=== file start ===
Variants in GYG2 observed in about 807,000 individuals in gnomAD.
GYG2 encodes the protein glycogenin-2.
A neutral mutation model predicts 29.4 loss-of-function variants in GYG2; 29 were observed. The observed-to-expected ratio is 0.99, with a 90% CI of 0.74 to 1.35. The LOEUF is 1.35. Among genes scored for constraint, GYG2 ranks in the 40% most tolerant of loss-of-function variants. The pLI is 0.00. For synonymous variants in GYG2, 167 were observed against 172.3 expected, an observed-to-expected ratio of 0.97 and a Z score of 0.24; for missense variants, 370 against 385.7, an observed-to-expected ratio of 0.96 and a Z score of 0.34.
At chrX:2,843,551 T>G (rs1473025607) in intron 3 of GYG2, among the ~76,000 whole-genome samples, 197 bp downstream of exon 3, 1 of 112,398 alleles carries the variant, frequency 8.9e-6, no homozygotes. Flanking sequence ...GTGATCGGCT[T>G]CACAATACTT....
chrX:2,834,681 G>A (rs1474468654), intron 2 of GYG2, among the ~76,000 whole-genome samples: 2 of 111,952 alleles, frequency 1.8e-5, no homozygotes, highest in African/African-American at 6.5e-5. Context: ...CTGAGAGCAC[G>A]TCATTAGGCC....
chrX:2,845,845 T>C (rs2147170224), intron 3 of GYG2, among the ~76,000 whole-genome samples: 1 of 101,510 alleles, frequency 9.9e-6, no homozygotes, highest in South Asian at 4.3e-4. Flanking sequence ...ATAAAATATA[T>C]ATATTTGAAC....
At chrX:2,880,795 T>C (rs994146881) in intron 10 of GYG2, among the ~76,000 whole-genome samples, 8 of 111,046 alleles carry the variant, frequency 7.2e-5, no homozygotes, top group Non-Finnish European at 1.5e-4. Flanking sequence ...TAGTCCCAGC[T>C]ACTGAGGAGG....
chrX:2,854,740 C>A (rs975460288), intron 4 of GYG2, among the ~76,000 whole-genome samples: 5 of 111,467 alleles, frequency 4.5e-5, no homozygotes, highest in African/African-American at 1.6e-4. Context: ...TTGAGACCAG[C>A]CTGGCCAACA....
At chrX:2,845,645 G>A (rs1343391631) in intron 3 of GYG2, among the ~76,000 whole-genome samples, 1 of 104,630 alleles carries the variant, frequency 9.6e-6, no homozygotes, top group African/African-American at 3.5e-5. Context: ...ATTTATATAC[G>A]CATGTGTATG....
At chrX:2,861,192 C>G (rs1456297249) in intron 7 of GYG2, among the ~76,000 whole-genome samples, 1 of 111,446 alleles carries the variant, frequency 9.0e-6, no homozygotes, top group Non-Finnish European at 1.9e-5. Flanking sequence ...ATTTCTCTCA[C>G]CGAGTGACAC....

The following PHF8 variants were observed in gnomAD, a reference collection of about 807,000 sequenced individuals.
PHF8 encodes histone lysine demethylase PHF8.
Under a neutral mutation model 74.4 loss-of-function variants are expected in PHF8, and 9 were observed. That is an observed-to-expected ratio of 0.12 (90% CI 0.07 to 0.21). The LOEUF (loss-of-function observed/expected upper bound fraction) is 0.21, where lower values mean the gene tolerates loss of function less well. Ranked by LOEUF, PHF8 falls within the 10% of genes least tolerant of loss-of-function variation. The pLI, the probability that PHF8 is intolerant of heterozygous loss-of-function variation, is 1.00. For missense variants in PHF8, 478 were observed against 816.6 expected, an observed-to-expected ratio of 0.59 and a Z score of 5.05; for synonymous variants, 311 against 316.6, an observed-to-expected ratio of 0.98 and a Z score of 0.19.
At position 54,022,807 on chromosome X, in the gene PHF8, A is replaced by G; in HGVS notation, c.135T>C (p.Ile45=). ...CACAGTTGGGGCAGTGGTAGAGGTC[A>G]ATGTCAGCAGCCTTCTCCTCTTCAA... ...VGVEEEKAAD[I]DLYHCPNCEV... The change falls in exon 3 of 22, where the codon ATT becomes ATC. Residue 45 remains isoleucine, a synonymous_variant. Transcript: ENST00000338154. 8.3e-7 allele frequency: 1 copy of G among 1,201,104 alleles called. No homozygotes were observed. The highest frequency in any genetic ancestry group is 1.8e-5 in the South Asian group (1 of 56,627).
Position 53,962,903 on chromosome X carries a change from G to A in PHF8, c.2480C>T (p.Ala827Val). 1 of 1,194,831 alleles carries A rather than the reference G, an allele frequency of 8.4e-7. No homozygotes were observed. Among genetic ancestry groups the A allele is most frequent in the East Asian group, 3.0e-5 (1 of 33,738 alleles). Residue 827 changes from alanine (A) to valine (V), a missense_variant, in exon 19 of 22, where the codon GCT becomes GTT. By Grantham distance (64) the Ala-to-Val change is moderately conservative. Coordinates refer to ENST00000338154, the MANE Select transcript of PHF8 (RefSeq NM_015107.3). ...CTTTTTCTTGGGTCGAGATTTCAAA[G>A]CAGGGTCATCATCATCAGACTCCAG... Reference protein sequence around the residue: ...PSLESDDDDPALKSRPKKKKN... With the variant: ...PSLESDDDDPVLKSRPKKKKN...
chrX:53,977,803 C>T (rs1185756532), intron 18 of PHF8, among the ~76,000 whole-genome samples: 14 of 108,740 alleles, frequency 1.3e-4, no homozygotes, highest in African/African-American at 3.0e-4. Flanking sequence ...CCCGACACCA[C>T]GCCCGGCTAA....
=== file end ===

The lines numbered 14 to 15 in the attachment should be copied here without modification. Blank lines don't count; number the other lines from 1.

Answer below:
At position 54,022,807 on chromosome X, in the gene PHF8, A is replaced by G; in HGVS notation, c.135T>C (p.Ile45=). ...CACAGTTGGGGCAGTGGTAGAGGTC[A>G]ATGTCAGCAGCCTTCTCCTCTTCAA... ...VGVEEEKAAD[I]DLYHCPNCEV... The change falls in exon 3 of 22, where the codon ATT becomes ATC. Residue 45 remains isoleucine, a synonymous_variant. Transcript: ENST00000338154. 8.3e-7 allele frequency: 1 copy of G among 1,201,104 alleles called. No homozygotes were observed. The highest frequency in any genetic ancestry group is 1.8e-5 in the South Asian group (1 of 56,627).
Position 53,962,903 on chromosome X carries a change from G to A in PHF8, c.2480C>T (p.Ala827Val). 1 of 1,194,831 alleles carries A rather than the reference G, an allele frequency of 8.4e-7. No homozygotes were observed. Among genetic ancestry groups the A allele is most frequent in the East Asian group, 3.0e-5 (1 of 33,738 alleles). Residue 827 changes from alanine (A) to valine (V), a missense_variant, in exon 19 of 22, where the codon GCT becomes GTT. By Grantham distance (64) the Ala-to-Val change is moderately conservative. Coordinates refer to ENST00000338154, the MANE Select transcript of PHF8 (RefSeq NM_015107.3). ...CTTTTTCTTGGGTCGAGATTTCAAA[G>A]CAGGGTCATCATCATCAGACTCCAG... Reference protein sequence around the residue: ...PSLESDDDDPALKSRPKKKKN... With the variant: ...PSLESDDDDPVLKSRPKKKKN...